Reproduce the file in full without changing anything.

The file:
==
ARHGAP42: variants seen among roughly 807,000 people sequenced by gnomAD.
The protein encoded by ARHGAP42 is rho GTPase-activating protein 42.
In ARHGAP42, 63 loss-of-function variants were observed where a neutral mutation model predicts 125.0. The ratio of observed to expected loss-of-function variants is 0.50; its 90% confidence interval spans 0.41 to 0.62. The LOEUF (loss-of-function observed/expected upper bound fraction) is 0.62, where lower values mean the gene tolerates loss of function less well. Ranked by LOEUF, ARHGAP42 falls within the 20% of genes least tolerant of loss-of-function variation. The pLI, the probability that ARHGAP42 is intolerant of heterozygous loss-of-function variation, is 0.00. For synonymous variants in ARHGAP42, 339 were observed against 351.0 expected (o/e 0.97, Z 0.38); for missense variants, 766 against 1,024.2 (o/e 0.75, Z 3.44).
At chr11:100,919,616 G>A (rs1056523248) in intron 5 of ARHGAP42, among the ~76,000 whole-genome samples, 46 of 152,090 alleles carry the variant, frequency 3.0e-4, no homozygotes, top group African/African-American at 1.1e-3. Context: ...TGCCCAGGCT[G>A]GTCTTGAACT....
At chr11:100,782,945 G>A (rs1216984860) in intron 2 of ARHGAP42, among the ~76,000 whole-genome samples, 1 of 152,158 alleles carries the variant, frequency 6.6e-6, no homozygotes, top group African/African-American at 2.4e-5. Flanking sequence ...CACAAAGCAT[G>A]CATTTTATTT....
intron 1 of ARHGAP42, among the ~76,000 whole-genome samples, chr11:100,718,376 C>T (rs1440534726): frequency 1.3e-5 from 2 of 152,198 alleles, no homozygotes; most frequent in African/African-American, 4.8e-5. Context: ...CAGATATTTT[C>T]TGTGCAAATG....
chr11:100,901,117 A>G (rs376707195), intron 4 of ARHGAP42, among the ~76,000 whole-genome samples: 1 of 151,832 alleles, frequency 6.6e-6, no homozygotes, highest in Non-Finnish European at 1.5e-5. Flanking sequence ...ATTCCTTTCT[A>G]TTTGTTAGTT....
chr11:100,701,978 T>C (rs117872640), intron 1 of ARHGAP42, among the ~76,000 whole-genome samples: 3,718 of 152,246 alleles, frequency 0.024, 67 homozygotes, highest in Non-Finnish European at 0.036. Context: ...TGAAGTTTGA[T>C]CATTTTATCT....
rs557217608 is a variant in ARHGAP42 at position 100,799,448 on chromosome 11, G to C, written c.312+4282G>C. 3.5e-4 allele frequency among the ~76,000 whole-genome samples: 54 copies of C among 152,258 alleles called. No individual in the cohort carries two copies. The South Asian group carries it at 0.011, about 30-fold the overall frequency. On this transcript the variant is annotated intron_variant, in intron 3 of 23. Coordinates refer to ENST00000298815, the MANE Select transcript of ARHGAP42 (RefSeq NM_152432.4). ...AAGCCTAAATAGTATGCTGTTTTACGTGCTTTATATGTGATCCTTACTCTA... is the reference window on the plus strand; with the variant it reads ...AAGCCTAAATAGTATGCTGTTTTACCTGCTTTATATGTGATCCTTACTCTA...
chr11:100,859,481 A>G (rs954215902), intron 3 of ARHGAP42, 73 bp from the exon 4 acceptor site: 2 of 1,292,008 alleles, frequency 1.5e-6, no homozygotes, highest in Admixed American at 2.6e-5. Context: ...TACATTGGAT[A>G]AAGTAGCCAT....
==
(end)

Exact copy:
ARHGAP42: variants seen among roughly 807,000 people sequenced by gnomAD.
The protein encoded by ARHGAP42 is rho GTPase-activating protein 42.
In ARHGAP42, 63 loss-of-function variants were observed where a neutral mutation model predicts 125.0. The ratio of observed to expected loss-of-function variants is 0.50; its 90% confidence interval spans 0.41 to 0.62. The LOEUF (loss-of-function observed/expected upper bound fraction) is 0.62, where lower values mean the gene tolerates loss of function less well. Ranked by LOEUF, ARHGAP42 falls within the 20% of genes least tolerant of loss-of-function variation. The pLI, the probability that ARHGAP42 is intolerant of heterozygous loss-of-function variation, is 0.00. For synonymous variants in ARHGAP42, 339 were observed against 351.0 expected (o/e 0.97, Z 0.38); for missense variants, 766 against 1,024.2 (o/e 0.75, Z 3.44).
At chr11:100,919,616 G>A (rs1056523248) in intron 5 of ARHGAP42, among the ~76,000 whole-genome samples, 46 of 152,090 alleles carry the variant, frequency 3.0e-4, no homozygotes, top group African/African-American at 1.1e-3. Context: ...TGCCCAGGCT[G>A]GTCTTGAACT....
At chr11:100,782,945 G>A (rs1216984860) in intron 2 of ARHGAP42, among the ~76,000 whole-genome samples, 1 of 152,158 alleles carries the variant, frequency 6.6e-6, no homozygotes, top group African/African-American at 2.4e-5. Flanking sequence ...CACAAAGCAT[G>A]CATTTTATTT....
intron 1 of ARHGAP42, among the ~76,000 whole-genome samples, chr11:100,718,376 C>T (rs1440534726): frequency 1.3e-5 from 2 of 152,198 alleles, no homozygotes; most frequent in African/African-American, 4.8e-5. Context: ...CAGATATTTT[C>T]TGTGCAAATG....
chr11:100,901,117 A>G (rs376707195), intron 4 of ARHGAP42, among the ~76,000 whole-genome samples: 1 of 151,832 alleles, frequency 6.6e-6, no homozygotes, highest in Non-Finnish European at 1.5e-5. Flanking sequence ...ATTCCTTTCT[A>G]TTTGTTAGTT....
chr11:100,701,978 T>C (rs117872640), intron 1 of ARHGAP42, among the ~76,000 whole-genome samples: 3,718 of 152,246 alleles, frequency 0.024, 67 homozygotes, highest in Non-Finnish European at 0.036. Context: ...TGAAGTTTGA[T>C]CATTTTATCT....
rs557217608 is a variant in ARHGAP42 at position 100,799,448 on chromosome 11, G to C, written c.312+4282G>C. 3.5e-4 allele frequency among the ~76,000 whole-genome samples: 54 copies of C among 152,258 alleles called. No individual in the cohort carries two copies. The South Asian group carries it at 0.011, about 30-fold the overall frequency. On this transcript the variant is annotated intron_variant, in intron 3 of 23. Coordinates refer to ENST00000298815, the MANE Select transcript of ARHGAP42 (RefSeq NM_152432.4). ...AAGCCTAAATAGTATGCTGTTTTACGTGCTTTATATGTGATCCTTACTCTA... is the reference window on the plus strand; with the variant it reads ...AAGCCTAAATAGTATGCTGTTTTACCTGCTTTATATGTGATCCTTACTCTA...
chr11:100,859,481 A>G (rs954215902), intron 3 of ARHGAP42, 73 bp from the exon 4 acceptor site: 2 of 1,292,008 alleles, frequency 1.5e-6, no homozygotes, highest in Admixed American at 2.6e-5. Context: ...TACATTGGAT[A>G]AAGTAGCCAT....